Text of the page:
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Simha Sankranti

Simha Sankranti

Simha Sankranti

Simha Sankranti which is also known by the name of Simha Sankraman is a significant South Indian festival celebrated to mark the transition of Sun God from the Simha rashi to the Kark rashi. The day also marks the beginning of the Simha month which is a part of the various solar calendars followed by Indians. In addition the day also marks the beginning of Chinga, Avni and Bhadra months which form a part of the traditional Malayalam, Tamil and Bengali calendars respectively.  

In 2013, Simha Sankraman will be celebrated on 16th August.

Significance Of Simha Sankraman

The tithi or the day of Simha Sankraman is considered extremely auspicious and on this day it is quite common for people to perform the Sankraman punya sanan or the pious bath at various holy places. At many places people also worship Lord Vishnu, Lord Narsimha and Surya Bhagwan on this day.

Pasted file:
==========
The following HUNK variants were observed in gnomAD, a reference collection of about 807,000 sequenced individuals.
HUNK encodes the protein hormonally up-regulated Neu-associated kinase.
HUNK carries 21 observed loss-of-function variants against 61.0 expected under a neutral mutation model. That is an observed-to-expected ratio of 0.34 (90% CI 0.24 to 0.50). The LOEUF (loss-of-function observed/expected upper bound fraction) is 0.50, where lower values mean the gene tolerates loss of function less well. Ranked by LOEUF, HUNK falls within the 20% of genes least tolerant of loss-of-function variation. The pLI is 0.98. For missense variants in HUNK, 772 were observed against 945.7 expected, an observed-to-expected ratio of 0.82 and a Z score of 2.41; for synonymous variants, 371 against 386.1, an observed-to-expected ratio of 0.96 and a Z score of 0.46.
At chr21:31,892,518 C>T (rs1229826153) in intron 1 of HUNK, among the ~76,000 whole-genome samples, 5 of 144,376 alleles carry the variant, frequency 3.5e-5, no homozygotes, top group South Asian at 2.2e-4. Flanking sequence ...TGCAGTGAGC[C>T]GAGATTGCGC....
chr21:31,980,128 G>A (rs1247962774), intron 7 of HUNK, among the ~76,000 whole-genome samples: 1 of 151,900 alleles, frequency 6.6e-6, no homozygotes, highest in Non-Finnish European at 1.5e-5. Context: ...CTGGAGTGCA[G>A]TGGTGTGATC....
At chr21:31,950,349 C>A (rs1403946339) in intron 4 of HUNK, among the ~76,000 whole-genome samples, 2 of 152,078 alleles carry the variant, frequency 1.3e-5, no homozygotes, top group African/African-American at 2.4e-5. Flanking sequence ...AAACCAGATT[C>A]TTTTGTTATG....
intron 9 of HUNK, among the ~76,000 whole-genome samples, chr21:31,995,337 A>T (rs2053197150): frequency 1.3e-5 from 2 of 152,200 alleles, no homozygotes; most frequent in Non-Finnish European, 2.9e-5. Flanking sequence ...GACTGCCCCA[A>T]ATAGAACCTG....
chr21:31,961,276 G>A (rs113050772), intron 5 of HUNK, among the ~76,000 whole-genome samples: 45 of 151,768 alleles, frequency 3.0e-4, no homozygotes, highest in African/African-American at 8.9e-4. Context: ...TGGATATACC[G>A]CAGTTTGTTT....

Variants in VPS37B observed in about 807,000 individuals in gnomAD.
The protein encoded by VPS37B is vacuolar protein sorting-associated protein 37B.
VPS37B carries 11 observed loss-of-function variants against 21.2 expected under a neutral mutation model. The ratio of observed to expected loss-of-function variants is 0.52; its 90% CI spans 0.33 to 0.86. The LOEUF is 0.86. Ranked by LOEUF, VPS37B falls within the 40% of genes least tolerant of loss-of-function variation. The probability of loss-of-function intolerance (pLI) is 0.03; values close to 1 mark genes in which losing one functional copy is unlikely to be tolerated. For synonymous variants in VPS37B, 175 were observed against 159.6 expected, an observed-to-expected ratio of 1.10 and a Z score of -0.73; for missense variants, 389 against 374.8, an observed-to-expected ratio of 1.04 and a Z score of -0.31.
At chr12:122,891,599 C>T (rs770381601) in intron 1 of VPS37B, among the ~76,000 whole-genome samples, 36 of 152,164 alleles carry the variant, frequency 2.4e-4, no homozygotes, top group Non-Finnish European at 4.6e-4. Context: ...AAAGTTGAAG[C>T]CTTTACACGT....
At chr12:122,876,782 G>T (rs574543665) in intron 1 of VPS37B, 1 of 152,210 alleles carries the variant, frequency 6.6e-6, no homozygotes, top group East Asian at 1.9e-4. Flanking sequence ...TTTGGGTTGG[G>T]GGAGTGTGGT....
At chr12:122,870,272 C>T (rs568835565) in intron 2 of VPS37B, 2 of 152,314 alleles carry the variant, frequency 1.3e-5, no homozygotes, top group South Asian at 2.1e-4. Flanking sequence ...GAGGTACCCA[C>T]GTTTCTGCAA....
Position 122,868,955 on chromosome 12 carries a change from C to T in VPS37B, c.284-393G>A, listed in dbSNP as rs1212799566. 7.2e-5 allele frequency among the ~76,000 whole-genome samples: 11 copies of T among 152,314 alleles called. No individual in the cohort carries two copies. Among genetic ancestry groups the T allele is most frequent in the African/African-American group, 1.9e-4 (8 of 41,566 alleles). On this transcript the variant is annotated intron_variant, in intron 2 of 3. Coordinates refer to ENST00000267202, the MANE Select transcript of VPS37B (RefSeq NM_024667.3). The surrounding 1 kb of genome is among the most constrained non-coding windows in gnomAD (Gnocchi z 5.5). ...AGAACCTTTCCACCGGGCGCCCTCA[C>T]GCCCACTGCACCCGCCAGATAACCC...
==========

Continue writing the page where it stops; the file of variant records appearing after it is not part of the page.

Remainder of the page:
The day is celebrated with great devotion at the Vishnumurthy temple, located at Kulai, which is a small town near Manglore. On this day the priests of the temple perform several rituals to appease Lord Vishnu, the presiding deity of the temple. These include the Narikela Abhishekha, in which the diety is given a holy bath with delicate coconut water. Then there is the Appada puja, in which Lord Ganpati is worshipped as well as the Hoovina Puja, wherein special prayers are offered to Lord Vishnumurthy. The ritual of offering special prayers to Lord Vishnumurthy continues from the day of Simha Sankraman to Kanya Sankraman, when Surya Bhagwan enters the Kanya Rashi.

The significance of the festival in South Indian communities is evident from the fact that numerous temples across the states of Karnataka, Kerala, Tamil Nadu and Andhra Pradesh, celebrate its with great devotion and fervor.

Celebration Of Simha Sankranti In Kumaun

Although, Simha Sankranti is more famous as a regional festival of South India, it was also celebrated with great zeal and fervor in the Kumaun region of Himachal Pradesh. During the reign of the Chand dynasty in the region, craftsmen and artisans exhibited their products in the royal palace and were then rewarded for the same. In addition, other people also brought their wares such as flowers, fruits, vegetables and diverse milk products to the palace, to gift them to the respected members of the royal family and other noblemen. Another custom that was extremely popular on this day was to eat bread made from pounded horse-bean with large quantities of clarified butter or ghee.


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